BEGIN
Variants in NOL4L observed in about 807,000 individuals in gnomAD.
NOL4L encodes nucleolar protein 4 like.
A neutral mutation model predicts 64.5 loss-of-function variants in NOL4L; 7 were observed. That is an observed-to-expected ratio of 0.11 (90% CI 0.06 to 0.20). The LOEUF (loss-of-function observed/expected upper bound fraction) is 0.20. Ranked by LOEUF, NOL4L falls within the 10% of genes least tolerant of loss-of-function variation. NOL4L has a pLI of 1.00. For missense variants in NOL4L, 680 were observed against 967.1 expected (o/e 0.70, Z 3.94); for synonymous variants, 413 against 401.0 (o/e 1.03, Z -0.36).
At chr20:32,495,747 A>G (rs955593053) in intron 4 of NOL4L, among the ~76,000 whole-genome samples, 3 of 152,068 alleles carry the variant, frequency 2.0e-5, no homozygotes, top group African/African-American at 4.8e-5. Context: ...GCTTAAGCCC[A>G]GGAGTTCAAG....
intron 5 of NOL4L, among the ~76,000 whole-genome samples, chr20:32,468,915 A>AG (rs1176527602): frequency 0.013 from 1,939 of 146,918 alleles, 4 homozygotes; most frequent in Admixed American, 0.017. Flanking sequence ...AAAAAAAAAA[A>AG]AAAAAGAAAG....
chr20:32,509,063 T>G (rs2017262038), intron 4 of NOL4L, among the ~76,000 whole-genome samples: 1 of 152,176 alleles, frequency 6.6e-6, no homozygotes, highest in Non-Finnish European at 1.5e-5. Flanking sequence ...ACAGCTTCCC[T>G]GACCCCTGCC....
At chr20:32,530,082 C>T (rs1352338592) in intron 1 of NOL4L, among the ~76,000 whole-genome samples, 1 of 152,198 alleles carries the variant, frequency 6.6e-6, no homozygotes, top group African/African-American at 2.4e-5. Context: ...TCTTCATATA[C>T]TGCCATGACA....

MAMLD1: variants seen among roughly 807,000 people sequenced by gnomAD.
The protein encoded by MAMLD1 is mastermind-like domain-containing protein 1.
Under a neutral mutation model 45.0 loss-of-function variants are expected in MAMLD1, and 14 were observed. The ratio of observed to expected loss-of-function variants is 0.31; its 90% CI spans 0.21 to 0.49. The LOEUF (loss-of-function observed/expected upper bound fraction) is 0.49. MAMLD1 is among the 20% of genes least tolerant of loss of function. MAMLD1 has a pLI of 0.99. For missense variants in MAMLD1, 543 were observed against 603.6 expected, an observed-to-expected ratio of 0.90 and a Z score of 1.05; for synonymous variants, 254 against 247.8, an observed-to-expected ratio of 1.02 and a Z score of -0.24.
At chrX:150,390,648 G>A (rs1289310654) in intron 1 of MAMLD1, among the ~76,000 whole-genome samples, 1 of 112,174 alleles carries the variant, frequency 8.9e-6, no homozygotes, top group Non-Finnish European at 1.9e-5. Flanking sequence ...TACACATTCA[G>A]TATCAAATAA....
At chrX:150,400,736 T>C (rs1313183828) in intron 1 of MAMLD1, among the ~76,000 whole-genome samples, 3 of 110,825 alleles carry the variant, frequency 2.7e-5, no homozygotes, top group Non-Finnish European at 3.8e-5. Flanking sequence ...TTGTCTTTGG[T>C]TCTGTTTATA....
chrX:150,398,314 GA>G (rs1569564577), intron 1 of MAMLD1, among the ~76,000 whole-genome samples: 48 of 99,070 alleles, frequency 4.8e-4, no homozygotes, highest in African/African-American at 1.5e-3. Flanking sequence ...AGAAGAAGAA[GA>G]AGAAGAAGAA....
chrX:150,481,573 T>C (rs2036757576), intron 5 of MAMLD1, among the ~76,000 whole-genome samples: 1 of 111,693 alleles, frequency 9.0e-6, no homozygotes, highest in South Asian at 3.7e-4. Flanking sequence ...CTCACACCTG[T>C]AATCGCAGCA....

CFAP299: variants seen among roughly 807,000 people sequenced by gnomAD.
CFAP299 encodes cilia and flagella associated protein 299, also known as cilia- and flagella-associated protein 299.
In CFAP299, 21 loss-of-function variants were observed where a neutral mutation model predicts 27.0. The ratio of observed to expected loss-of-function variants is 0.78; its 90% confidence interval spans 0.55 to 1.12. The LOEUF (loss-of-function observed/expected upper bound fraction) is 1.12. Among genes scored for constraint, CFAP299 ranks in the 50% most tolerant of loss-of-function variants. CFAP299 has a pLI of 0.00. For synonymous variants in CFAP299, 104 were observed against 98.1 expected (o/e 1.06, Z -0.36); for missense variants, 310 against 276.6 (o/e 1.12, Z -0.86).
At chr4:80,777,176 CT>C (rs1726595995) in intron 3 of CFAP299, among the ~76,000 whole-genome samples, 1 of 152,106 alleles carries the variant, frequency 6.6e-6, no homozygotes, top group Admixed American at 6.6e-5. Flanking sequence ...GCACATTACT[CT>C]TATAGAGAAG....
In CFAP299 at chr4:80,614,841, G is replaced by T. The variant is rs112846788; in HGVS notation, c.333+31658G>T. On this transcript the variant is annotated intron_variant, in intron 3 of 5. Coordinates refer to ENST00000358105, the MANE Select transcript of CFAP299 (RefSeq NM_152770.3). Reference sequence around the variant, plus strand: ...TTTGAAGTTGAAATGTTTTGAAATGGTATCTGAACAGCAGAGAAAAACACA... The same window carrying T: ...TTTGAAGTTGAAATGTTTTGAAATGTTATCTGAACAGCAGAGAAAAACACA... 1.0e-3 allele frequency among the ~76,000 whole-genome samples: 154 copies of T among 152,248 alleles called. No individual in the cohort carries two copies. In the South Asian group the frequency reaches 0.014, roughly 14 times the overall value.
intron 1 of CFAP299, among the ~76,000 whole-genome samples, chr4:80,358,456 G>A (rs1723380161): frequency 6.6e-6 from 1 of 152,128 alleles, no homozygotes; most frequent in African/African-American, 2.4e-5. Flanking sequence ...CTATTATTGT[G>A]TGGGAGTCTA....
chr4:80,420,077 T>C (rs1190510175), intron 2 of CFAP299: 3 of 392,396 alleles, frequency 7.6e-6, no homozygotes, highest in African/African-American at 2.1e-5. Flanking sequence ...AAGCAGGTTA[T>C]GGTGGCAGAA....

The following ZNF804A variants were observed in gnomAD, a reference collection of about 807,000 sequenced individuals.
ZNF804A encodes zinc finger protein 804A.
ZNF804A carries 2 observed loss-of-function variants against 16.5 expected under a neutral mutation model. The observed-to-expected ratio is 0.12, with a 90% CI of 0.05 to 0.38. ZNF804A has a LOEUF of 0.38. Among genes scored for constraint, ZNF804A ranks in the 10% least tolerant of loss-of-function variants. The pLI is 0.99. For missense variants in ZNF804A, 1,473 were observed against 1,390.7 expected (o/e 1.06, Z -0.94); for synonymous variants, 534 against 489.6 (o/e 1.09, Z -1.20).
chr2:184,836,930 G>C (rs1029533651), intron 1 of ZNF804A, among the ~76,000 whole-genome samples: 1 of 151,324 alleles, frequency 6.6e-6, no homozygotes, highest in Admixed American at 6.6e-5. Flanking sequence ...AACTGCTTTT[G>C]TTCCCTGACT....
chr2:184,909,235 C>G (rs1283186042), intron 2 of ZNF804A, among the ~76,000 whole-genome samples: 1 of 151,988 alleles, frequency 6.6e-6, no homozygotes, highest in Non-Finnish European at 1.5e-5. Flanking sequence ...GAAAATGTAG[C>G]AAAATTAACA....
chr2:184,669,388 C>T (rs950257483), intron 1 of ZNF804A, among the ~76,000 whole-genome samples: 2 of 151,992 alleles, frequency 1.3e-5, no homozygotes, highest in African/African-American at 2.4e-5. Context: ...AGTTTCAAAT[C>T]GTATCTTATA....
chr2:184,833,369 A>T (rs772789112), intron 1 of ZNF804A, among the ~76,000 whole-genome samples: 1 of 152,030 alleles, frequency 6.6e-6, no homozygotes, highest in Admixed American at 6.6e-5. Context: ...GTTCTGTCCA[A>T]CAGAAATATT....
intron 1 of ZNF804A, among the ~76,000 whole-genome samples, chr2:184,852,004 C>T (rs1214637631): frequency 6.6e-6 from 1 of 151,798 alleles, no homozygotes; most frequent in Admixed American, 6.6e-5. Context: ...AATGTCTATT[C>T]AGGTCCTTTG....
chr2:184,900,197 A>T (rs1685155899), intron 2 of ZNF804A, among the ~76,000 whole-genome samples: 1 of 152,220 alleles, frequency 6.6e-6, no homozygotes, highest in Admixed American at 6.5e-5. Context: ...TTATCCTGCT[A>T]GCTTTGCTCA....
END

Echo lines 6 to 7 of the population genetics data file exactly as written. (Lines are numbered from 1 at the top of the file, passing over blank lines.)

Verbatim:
chr20:32,509,063 T>G (rs2017262038), intron 4 of NOL4L, among the ~76,000 whole-genome samples: 1 of 152,176 alleles, frequency 6.6e-6, no homozygotes, highest in Non-Finnish European at 1.5e-5. Flanking sequence ...ACAGCTTCCC[T>G]GACCCCTGCC....
At chr20:32,530,082 C>T (rs1352338592) in intron 1 of NOL4L, among the ~76,000 whole-genome samples, 1 of 152,198 alleles carries the variant, frequency 6.6e-6, no homozygotes, top group African/African-American at 2.4e-5. Context: ...TCTTCATATA[C>T]TGCCATGACA....